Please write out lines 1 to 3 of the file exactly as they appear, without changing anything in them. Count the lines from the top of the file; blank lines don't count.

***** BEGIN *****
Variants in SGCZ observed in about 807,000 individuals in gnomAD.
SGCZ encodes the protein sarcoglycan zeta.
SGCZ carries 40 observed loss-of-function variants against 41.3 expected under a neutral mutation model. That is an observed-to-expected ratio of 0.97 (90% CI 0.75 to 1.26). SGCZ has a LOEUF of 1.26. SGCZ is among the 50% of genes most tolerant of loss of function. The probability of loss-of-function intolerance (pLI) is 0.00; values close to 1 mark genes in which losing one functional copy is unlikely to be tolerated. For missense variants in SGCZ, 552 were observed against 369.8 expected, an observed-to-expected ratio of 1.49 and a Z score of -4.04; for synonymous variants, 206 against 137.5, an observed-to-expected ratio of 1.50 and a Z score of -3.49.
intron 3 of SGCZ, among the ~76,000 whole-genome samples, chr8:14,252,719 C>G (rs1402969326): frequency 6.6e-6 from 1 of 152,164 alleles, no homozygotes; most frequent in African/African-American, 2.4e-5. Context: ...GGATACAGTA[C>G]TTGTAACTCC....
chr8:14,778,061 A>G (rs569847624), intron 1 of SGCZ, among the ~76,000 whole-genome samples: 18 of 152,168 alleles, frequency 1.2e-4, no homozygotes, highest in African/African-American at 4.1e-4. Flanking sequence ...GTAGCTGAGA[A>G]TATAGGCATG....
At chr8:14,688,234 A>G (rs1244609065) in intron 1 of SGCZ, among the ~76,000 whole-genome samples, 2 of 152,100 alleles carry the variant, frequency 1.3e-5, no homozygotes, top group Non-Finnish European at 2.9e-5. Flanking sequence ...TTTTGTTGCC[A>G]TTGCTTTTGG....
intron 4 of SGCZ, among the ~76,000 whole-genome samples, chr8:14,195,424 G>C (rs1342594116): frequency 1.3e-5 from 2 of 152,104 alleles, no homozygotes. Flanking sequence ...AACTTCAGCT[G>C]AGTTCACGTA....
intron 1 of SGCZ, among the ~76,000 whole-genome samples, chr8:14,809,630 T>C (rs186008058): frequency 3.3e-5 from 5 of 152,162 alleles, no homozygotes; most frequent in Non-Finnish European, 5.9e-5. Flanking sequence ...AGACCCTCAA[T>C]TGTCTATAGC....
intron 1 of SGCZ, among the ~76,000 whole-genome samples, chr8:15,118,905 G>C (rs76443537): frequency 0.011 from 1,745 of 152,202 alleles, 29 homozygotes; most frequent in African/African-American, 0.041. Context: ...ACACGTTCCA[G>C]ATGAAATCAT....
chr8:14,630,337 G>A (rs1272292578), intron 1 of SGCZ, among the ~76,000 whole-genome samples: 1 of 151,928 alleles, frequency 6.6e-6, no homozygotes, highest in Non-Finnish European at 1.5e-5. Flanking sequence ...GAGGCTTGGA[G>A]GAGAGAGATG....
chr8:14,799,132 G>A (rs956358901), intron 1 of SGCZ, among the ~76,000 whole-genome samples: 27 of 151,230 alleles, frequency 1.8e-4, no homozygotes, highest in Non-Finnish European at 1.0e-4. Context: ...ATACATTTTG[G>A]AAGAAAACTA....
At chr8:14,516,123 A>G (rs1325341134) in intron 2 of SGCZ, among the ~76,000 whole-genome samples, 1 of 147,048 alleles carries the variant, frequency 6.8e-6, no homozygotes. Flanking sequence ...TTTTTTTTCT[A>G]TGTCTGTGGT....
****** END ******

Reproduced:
Variants in SGCZ observed in about 807,000 individuals in gnomAD.
SGCZ encodes the protein sarcoglycan zeta.
SGCZ carries 40 observed loss-of-function variants against 41.3 expected under a neutral mutation model. That is an observed-to-expected ratio of 0.97 (90% CI 0.75 to 1.26). SGCZ has a LOEUF of 1.26. SGCZ is among the 50% of genes most tolerant of loss of function. The probability of loss-of-function intolerance (pLI) is 0.00; values close to 1 mark genes in which losing one functional copy is unlikely to be tolerated. For missense variants in SGCZ, 552 were observed against 369.8 expected, an observed-to-expected ratio of 1.49 and a Z score of -4.04; for synonymous variants, 206 against 137.5, an observed-to-expected ratio of 1.50 and a Z score of -3.49.